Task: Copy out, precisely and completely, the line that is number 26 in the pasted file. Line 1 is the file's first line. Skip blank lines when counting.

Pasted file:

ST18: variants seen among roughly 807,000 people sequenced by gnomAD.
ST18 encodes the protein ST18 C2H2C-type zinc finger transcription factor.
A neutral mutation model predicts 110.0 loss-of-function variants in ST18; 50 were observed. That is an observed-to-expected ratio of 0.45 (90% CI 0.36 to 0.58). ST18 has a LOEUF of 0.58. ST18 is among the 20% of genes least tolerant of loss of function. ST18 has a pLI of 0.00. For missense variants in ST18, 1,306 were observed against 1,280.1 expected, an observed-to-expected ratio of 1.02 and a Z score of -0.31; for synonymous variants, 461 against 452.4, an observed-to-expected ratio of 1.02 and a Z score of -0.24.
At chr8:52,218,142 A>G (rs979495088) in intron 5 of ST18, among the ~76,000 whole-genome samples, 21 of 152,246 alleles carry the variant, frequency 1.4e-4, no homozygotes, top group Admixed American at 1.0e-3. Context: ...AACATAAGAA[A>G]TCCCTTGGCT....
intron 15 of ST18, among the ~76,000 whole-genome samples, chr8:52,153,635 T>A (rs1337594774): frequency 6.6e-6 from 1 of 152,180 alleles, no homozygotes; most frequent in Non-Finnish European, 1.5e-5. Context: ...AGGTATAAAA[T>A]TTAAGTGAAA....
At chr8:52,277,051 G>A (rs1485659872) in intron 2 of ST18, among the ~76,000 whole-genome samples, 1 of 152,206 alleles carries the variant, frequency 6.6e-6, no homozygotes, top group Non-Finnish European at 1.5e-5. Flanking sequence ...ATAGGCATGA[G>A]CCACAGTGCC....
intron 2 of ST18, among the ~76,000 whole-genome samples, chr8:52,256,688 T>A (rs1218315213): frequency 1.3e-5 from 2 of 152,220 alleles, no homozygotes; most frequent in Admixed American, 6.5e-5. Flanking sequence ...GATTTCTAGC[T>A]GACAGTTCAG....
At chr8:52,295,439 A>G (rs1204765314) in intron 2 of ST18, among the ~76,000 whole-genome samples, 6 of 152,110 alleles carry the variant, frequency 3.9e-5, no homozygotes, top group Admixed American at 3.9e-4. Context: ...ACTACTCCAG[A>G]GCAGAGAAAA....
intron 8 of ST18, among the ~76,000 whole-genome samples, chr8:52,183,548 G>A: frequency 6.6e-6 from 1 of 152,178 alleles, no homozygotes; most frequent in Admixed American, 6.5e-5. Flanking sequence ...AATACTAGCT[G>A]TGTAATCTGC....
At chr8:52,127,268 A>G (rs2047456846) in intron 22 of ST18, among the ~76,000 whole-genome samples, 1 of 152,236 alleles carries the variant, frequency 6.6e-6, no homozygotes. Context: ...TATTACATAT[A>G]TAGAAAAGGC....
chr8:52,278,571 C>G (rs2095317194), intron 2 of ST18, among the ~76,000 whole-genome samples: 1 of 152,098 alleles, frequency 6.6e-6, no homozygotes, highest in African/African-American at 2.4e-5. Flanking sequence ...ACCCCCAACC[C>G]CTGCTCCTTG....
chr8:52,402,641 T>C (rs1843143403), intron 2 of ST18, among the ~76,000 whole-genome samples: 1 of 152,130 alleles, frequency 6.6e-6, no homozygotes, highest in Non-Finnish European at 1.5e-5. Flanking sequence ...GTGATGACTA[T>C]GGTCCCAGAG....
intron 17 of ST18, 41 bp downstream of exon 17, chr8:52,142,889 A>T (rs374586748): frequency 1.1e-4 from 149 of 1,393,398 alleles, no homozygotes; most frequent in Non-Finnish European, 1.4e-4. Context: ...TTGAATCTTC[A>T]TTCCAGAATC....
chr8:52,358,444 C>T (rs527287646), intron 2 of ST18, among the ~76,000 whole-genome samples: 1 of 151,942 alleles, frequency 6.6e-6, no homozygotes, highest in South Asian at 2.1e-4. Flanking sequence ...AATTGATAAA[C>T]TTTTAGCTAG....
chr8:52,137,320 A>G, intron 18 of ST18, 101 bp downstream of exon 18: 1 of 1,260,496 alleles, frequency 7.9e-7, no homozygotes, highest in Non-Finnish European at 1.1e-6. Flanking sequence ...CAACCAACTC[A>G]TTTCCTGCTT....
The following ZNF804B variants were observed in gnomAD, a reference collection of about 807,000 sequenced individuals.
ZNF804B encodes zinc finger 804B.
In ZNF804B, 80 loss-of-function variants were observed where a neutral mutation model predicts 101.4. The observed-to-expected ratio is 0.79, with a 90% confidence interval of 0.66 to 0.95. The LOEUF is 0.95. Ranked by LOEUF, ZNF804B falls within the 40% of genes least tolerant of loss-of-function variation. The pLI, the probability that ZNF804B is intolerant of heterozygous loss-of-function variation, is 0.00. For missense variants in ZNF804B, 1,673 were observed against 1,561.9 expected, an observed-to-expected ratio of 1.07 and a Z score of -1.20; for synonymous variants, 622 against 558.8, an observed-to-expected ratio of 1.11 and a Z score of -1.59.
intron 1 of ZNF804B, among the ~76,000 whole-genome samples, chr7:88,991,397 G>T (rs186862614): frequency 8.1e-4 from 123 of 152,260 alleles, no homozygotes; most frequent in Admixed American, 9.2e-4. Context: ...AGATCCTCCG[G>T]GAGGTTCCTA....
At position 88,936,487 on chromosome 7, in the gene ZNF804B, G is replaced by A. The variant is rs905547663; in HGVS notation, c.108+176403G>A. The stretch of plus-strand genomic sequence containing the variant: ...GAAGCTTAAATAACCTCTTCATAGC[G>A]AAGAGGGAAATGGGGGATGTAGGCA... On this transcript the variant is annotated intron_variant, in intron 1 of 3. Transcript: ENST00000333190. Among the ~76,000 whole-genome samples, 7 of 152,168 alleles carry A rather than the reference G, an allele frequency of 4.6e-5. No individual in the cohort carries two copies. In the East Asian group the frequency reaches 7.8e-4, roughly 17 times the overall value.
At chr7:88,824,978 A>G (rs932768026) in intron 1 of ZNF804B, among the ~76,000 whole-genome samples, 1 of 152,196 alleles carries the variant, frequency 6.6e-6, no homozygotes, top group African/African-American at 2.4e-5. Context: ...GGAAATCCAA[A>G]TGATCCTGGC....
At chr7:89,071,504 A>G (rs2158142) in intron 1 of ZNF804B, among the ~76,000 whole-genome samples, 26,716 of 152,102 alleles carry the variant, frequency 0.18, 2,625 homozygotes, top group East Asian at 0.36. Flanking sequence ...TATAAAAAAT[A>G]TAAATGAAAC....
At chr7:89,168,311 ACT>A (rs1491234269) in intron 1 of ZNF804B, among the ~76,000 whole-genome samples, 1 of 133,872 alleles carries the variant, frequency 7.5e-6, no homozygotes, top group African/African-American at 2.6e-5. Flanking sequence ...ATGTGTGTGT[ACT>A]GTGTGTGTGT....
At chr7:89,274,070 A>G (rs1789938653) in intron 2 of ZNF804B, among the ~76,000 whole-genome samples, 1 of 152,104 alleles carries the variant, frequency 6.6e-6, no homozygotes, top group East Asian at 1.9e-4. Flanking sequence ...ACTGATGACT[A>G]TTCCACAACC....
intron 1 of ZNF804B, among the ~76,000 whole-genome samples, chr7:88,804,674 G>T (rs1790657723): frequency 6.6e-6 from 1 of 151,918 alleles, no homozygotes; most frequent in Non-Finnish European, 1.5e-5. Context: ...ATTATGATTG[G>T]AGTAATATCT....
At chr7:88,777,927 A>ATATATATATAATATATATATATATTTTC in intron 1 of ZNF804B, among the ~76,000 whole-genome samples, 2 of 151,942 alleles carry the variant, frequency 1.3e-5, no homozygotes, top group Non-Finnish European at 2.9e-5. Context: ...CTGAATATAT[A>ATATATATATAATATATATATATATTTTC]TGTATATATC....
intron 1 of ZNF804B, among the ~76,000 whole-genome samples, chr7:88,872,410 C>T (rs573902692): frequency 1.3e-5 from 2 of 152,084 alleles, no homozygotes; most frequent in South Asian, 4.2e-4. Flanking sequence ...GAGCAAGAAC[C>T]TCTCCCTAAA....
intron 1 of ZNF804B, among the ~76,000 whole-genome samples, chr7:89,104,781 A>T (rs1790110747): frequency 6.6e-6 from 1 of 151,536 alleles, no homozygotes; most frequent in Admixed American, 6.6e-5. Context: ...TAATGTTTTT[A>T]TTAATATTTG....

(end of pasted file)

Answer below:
At chr7:88,777,927 A>ATATATATATAATATATATATATATTTTC in intron 1 of ZNF804B, among the ~76,000 whole-genome samples, 2 of 151,942 alleles carry the variant, frequency 1.3e-5, no homozygotes, top group Non-Finnish European at 2.9e-5. Context: ...CTGAATATAT[A>ATATATATATAATATATATATATATTTTC]TGTATATATC....